A hit-and-run for Christmas
Theresa Pozzi was hit by a truck almost a year ago. Can you help find the driver who killed her?
ANNA POZZI doesn't know what she will do with herself this Wednesday, Dec. 23, as the clock ticks toward 5:20 p.m. That's the time her daughter was killed by a hit-and-run driver on State Road last year, just two days before Christmas.
"I'll probably lock myself in my bedroom and cry," says Pozzi, 62, her voice breaking for the thousandth time this miserable year.
"Jesus was born on a cold, dark night in a stable, and my daughter was killed on a cold dark night on State Road.
"I know that sounds disrespectful, but it's where I'm at," she says. "I don't care about Christmas. I decorated my window and put up the tree, and I smile for my grandchildren. But the smiles aren't real."
The real smiles ended when Theresa, after visiting an incarcerated friend last year, attempted to cross State Road in front of the city's prison complex. She was heading to the SEPTA stop for the southbound Route 84 bus.
She was struck by a northbound vehicle - an older model, dark-colored pickup or tow truck - and flew into the air, eyewitnesses said. The force of the impact pulled off her pants.
"He left her in the road like that - it's so humiliating and terrible," says Pozzi, with whom Theresa, who was 33 and single, lived on Kimball Street near the Italian Market.
"I keep wondering if she knew she was gonna die. When she was little, if she got sick all she wanted was me. She was close to my husband, but you know kids - when they're sick, they want mommy. I wonder if she wanted me."
Oh, my heart.
Theresa's hit-and-run death is one of three that remain unresolved in Philly from 2014. That year, 87 people perished in 86 auto-related incidents. In seven of the cases, the drivers fled the scene. Four of the cases have been cleared, but these last three are a thorn in the side of Sgt. Joe Rosso, who supervises fatality investigations for the Police Department's Accident Investigation Division.
"It's frustrating," he says. "There have to have been people who saw something but don't know what they saw. Something can happen so fast that you're not sure what you saw. Well, we need to talk to the people who maybe aren't sure of what they saw. Between what they tell us and what someone else tells us, we might get somewhere."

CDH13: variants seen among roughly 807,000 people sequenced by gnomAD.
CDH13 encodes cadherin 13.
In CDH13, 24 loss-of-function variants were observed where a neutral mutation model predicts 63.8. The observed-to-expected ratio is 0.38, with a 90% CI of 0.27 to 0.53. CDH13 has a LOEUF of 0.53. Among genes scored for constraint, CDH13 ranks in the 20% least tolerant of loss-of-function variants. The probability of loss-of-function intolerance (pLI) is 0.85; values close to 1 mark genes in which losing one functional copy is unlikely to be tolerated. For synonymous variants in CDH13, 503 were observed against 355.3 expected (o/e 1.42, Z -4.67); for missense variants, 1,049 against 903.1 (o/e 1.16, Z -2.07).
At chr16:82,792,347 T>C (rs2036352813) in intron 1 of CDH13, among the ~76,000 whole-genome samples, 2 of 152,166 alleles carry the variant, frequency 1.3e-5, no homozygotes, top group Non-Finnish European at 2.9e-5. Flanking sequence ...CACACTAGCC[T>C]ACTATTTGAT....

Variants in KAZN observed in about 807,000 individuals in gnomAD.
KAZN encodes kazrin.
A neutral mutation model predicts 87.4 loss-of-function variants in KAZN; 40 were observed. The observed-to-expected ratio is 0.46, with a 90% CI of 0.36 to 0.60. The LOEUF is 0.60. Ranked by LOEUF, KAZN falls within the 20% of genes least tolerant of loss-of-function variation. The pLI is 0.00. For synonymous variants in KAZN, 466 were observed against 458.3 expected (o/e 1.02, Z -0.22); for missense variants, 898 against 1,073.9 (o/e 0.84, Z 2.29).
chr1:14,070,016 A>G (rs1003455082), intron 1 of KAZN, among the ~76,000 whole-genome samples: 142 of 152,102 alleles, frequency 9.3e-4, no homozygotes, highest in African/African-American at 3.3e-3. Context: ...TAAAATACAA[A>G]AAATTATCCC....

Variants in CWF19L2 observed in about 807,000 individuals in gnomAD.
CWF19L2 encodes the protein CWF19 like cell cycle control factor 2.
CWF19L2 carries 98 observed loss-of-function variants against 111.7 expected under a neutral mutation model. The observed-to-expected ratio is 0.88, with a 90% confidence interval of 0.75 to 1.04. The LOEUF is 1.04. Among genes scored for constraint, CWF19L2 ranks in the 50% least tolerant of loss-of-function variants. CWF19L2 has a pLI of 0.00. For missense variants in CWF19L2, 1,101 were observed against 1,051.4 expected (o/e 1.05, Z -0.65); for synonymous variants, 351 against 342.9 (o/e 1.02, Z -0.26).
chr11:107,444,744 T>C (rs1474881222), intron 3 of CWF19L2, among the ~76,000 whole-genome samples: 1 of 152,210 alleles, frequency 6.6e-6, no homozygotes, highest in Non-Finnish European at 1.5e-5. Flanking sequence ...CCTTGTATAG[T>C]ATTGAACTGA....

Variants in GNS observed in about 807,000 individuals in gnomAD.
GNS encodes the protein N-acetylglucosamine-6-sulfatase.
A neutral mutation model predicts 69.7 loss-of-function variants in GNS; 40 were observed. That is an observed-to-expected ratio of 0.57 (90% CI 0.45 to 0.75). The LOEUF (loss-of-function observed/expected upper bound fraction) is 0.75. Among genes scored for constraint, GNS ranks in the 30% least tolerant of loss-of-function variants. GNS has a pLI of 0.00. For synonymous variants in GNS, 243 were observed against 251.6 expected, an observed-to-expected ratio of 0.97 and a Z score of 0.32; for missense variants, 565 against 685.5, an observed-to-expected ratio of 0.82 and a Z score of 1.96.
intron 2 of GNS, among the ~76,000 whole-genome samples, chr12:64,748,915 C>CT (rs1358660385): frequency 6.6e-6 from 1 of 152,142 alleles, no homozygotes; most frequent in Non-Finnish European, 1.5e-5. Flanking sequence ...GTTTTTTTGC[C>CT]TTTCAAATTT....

Case in point: A few years back, Rosso recalls, a driver was cut off by a speeding car and shrugged it off. Later, watching a news segment about a hit-and-run, he saw a video image of the same car that had cut him off shortly after the accident happened. His call to police led to an arrest.
Rosso hopes people will read this column and have similar epiphanies about Theresa's death and the other two unresolved fatalities from 2014:
On January 6, Leslie Smith, 60, was killed by a small red car at about 6:15 p.m. while walking across Island Avenue at Lindbergh Boulevard toward the Pennrose Plaza shopping center. The car sped south, toward Philadelphia International Airport.
And on Feb. 17, Nehemiah Gredic, 32, was hit by a black Jeep Grand Cherokee while tending to his bicycle on Kingsessing Avenue near 62nd Street. The vehicle, which sustained heavy damage on the right front hood and headlight, fled east.
"Solving the cases won't bring anyone back, but it can give the families some peace," says Rossa. "These drivers get me angry. The thing is, if they had stayed at the scene, they may not even have gotten in trouble. Sometimes an accident is just an accident."
Not knowing who killed her daughter is just about killing Anna Pozzi. And she believes it took the life of her husband, Gus, who died in May.
"He had heart problems, but when Theresa died, he just gave up," she says. "He sat every night waiting for her to come home or call. I came downstairs one morning and found him dead on the couch. He died of a broken heart. He's buried next to Theresa."
She has not been able to visit her daughter's grave nor buy a headstone for it, even though she has sketched out an image of what she wants it to look like. When she thinks of dialing the cemetery to place the order, she feels sick to her stomach and has to sit down.
Nor has she visited the street where her daughter died. That will change Wednesday, when a billboard will be unveiled at 10 a.m. at Clear Channel Outdoor, 9130 State Rd., just north of where Theresa was struck.
City Councilman Mark Squilla worked with Clear Channel and the nonprofit Wishwall Foundation to erect the billboard, which will advertise a $15,000 reward for information leading to be an arrest and conviction in Theresa's case. The billboard will be active for about 45 days.
Pozzi is steeling herself for the shock of seeing her late daughter's face illuminated high in the air for a terrible reason.
"I can't believe this is my life," says Pozzi, who has three surviving adult children and five grandchildren, who adored their "Aunt TeTe." Pozzi wears a locket with Theresa's photo in it, and she has gotten used to the kids opening it to kiss TeTe's face.
She, too, kisses her daughter's photo - every night before bed.
"I plead with her to guide us to the person who took her from us," she says. "We miss her so much. She was fun and kind - a good person. People say time heals all wounds, but that's not true. It's a whole year, and the pain is as bad as it was the day the police knocked on my door."
If you have information about the death of Theresa Pozzi, Leslie Smith or Nehemiah Gredic, call 215-546-TIPS or the Police Department's Accident Investigation Division at 215-685-3184.